Responding to a query

In this example for a request filter, we turn the request into a response and fill it out.

let pkt = context.packet;

let q = pkt.questions[0];

if (q.typeName === "A" && q.name === "foo.galliumdata.com") {

pkt.isQuery = false;

pkt.authoritative = true;
pkt.additionalRecords = [];

let ans = pkt.addAnswer("A");

ans.name = q.name;

ans.ipAddress = "";

context.result.response = pkt;


Note that you would typically filter for the type and the name in the filter's parameters.

We empty out additionalRecords because some DNS clients (like dig) add some options in it, and it would be an error to return those to the client.

Creating a generic answer from scratch

In this example, we create a new MX answer the hard way, by providing its byte content. It would be much easier to use addAnswer("MX"), of course, but this illustrate that you can create answer types that are not supported out of the box.

let ans = context.packet.addAnswer(""); // Create generic answer

ans.type = 15; // 15 = MX

ans.name = "galliumdata.com";

ans.data = [0,100,11,'g','a','l','l','i','u','m','d','a','t','a',3,'c','o','m',0];

The binary data follows the format for an MX answer:

  • two bytes for the preference (100)

  • a name whose components are prefixed with their length:

  • 11, which is the length of "galliumdata",

  • the 11 characters for "galliumdata"

  • 3, which is the length of "com",

  • the 3 characters for "com",

  • a zero to terminate.

Recording DNS queries in a Redis database

This requires that you have a Redis database, obviously. If you do not, you can start one with:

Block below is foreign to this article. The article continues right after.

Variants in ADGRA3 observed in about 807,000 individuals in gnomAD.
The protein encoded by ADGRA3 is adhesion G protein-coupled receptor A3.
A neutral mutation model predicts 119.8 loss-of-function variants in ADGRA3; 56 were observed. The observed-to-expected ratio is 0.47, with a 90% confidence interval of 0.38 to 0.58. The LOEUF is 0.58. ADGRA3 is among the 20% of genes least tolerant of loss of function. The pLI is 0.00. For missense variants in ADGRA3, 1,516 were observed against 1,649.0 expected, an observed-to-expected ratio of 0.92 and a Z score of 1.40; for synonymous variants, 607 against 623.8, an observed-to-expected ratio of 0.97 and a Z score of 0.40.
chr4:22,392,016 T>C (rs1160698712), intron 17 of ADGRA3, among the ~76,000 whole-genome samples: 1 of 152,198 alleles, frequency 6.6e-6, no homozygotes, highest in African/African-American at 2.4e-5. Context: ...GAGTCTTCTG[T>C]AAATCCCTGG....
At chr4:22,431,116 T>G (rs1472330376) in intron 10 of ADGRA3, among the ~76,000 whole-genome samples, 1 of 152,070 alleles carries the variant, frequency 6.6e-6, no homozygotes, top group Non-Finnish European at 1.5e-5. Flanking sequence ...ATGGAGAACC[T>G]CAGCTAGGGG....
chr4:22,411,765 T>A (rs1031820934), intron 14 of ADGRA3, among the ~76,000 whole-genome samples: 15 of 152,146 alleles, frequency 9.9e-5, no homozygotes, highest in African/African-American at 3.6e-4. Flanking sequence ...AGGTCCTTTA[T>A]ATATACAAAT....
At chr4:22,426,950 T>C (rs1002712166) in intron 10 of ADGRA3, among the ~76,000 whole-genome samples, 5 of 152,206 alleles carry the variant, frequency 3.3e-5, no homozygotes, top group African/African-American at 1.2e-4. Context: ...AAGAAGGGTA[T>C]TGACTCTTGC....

docker run --name gallium-redis -p 6379:6379 -d redis

You will also need to install the lettuce library, which is very easy:

In the Gallium Data app, go to the Libraries page (left nav)

⇨ Select the Find tab

⇨ In the Organization field, enter io.lettuce

⇨ In the Artifact field, enter lettuce-core

⇨ Click Find Libraries, and you should see a list of available versions.

⇨ Select version 6.1.2-RELEASE and add it to the repository.

⇨ Click Publish (at the top)

Note that publishing takes longer than usual (it might take 10-30 seconds). This is because Gallium Data has to download the lettuce library and its dependencies. This delay only happens the first time you install a new library.

Once that's done, create a JavaScript request filter with the following code:

if (!context.filterContext.redisAsync) {

const RedisClient = Java.type("io.lettuce.core.RedisClient");

const redisUrl = "redis://host.docker.internal:6379/0";

context.filterContext.redisAsync =



const q = context.packet.questions[0];

context.filterContext.redisAsync.incr(q.typeName + " " + q.name);

The screenshot shows some of the contents of the Redis database (using RedisInsight) after running this filter for a few minutes, with Gallium Data configured to be the default name server.

If you want to run RedisInsight, use something like:

docker run -d --name redis-insight -p 8001:8001 -v redisinsight:/db redislabs/redisinsight:latest

Open http://localhost:8001 and connect t